The best I've heard is Lincoln Cathedral - on occasions no chairs in the nave - you can hear the sound move if someone is playing flat out!

 

AJJ

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Guest Roffensis

Canterbury is good as well, you can almost see the sound in front of you and go past you, even better with no chairs at all, and fortunately at present they aren't plush! :lol:

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My parish put carpet down in the chancel in the 70's. I am very lucky to have a priest that knows we need to take it out if we ever hope to hear the choir or the new pipe organ (a couple of years away). Who has a hardwood in the chancel? Who has tile? Comments....suggestions.

We have battle-ship linoleum in the nave  -  very hard stuff and very good for the acoustic.

getting my knee pads on.....the priest suggests we do it by Easter! O Happy Day. :lol:

Westgate Morris

 

=====================

 

 

I don't want to make anyone jealous....but......

 

I play the organ in an acoustic to die for which is the equal of St..John's, Smith Square, London.

 

We have stone carved into a Norman-style church, marble, English oak flooring, a classic double-cube with a large central tower space (mathematically the same as the width of the church) and even an apse at the east-end. Add to this an almost flat oak roof, and it is very special indeed, with about 3 secs of absolutely clean reverberation.

 

There's just no substitute, and the only itzy-witzy bit of carpet we have, is found in the Lady Chapel.

 

The organ sounds magnificent, or would do if it were not for the fact that it is now in bits all over the church.

 

I suppose Lent is a good time to give up the organ.

 

 

 

MM

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=====================

I don't want to make anyone jealous....but......

 

I play the organ in an acoustic to die for which is the equal of St..John's, Smith Square, London.

 

Then you are indeed fortunate. I play the organ in an acoustic to cry for. It makes the RFH sound warm and fluffy. The organ still sounds fantastic, though!

 

 

The organ sounds magnificent, or would do if it were not for the fact that it is now in bits all over the church.

 

A rebuild? May I ask if you are having any changes or additions - or is it a straight restoration?

 

 

I suppose Lent is a good time to give up the organ.

MM

 

NOOOOOOOOOOOOOOOOOO!!!!

 

.... or chocolate, or movies, or driving fast, or Dire Straits, or wine, or....

 

[Thank you, Harry!]

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Then you are indeed fortunate. I play the organ in an acoustic to cry for. It makes the RFH sound warm and fluffy. The organ still sounds fantastic, though!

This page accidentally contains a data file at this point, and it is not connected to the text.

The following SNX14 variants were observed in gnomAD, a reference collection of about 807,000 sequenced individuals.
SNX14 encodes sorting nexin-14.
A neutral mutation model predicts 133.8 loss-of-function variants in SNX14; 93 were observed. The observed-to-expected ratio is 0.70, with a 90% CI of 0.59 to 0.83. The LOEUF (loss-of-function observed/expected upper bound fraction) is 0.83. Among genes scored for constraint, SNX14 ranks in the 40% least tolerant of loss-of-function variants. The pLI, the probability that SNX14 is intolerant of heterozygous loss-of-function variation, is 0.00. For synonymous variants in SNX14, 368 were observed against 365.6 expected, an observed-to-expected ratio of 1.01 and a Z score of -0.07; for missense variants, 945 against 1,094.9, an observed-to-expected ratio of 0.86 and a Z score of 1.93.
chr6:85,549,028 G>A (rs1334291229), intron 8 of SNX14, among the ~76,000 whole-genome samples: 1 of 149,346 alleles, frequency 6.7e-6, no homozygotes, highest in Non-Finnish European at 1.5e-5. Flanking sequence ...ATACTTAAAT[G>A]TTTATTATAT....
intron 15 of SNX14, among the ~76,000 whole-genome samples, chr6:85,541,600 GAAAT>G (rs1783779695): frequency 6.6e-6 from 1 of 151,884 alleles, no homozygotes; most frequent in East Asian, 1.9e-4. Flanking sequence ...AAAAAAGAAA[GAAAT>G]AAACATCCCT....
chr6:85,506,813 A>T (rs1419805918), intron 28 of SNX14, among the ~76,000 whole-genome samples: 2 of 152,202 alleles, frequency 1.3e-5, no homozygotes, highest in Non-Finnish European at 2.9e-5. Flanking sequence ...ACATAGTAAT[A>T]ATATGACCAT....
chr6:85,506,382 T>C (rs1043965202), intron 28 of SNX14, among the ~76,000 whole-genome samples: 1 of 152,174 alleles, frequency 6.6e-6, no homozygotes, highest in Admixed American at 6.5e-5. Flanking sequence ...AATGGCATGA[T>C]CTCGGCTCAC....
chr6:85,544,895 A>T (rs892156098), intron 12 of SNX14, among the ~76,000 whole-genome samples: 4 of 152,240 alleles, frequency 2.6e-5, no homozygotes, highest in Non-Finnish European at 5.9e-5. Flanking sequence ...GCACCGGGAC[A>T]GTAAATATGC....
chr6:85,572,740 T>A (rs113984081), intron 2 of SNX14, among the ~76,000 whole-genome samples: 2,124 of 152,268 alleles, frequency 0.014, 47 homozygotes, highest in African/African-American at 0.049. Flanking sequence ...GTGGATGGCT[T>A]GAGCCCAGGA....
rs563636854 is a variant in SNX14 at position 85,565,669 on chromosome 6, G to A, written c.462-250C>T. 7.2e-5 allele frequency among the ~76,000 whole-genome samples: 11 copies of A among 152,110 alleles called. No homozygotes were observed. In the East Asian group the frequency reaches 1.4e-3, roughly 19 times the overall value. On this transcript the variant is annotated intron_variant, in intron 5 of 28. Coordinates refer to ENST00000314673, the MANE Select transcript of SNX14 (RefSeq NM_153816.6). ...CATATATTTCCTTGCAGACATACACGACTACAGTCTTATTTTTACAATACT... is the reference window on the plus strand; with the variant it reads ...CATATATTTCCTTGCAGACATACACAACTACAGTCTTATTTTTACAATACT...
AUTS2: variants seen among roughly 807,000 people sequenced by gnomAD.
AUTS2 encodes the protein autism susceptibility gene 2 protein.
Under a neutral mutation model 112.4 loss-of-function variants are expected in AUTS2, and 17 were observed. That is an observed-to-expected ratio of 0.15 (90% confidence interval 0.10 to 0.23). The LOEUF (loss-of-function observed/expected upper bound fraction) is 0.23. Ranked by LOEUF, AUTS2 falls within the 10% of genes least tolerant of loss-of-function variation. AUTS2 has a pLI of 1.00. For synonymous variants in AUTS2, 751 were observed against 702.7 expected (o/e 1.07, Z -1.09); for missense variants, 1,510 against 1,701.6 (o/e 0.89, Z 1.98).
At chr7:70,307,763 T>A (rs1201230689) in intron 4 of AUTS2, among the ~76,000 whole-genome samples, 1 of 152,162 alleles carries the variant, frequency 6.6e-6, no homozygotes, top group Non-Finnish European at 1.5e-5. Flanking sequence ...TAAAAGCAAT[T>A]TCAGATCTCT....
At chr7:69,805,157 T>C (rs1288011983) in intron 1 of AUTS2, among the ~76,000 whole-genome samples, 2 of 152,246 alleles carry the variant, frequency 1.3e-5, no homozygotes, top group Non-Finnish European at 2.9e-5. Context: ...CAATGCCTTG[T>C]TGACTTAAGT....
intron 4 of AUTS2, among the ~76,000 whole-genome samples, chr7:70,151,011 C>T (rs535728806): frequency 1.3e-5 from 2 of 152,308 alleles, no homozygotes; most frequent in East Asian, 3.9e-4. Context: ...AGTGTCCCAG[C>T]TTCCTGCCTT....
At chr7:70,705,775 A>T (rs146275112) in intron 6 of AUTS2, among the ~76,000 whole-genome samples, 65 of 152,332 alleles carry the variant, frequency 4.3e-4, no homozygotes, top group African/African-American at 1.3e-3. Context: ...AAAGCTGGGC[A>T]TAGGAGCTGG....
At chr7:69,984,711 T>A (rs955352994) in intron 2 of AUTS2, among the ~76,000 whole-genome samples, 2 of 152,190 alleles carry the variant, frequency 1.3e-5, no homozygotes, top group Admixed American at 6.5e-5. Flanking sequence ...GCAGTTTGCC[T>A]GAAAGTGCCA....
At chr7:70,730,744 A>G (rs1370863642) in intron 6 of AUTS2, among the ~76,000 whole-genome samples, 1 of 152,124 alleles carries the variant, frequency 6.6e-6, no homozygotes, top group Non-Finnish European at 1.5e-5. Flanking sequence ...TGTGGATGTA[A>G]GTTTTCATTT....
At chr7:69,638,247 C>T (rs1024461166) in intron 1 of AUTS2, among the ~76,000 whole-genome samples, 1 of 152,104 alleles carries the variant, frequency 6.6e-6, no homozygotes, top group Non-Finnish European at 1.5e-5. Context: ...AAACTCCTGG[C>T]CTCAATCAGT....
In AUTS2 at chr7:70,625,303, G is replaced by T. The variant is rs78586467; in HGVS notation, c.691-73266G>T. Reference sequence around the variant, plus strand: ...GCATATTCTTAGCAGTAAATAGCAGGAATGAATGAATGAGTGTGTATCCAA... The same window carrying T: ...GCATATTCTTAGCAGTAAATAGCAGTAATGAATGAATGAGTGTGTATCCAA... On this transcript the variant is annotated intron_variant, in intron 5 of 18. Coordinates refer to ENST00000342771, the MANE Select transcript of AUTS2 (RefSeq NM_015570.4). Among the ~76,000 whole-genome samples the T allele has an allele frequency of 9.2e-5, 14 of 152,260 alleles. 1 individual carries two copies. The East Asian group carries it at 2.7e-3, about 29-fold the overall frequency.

A rebuild? May I ask if you are having any changes or additions - or is it a straight restoration?

NOOOOOOOOOOOOOOOOOO!!!!

 

.... or chocolate, or movies, or driving fast, or Dire Straits, or wine, or....

 

[Thank you, Harry!]

 

 

A school had a new school hall built and the architect reckoned he had allowed for a suitable rebervation period. He had - but not considered that at assembley and on many other occasions the hall would be filled with boys, when the reverbation period went into a minus mode. Then the organ sounded flat and dull but was exciting in the empty hall.

 

Clothing is a great sound absorber but the suggestion that the boys were stripped naked and painted in gloss paint to help the acoustic was not adopted.

 

Frank Fowler

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A rebuild? May I ask if you are having any changes or additions - or is it a straight restoration?

 

 

 

=======================

 

Sorry, I missed this question.

 

It's just a straight clean and overhaul....new slider seals, new bushes, a schwimmer that actually works correctly, refacing the keys, getting the bottom octave of the 4ft flute to speak properly....that sort of thing.

 

I wouldn't dream of changing anything in view of the fact that the late Cecil Clutton described it as "one of the ten finest small organs built in Britain in the last century (20th)" Built 1974 under the "Laycock & Bannister" name.

 

St.Joseph's RC, Ingrow, Keighley, W.Yorks....an 11 speaking-stop, neo-Dutch baroque masterpiece voiced by Denys Thurlow.

 

There was a feature article in one of the BIOS journals many years ago.

 

MM

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Guest Nigel ALLCOAT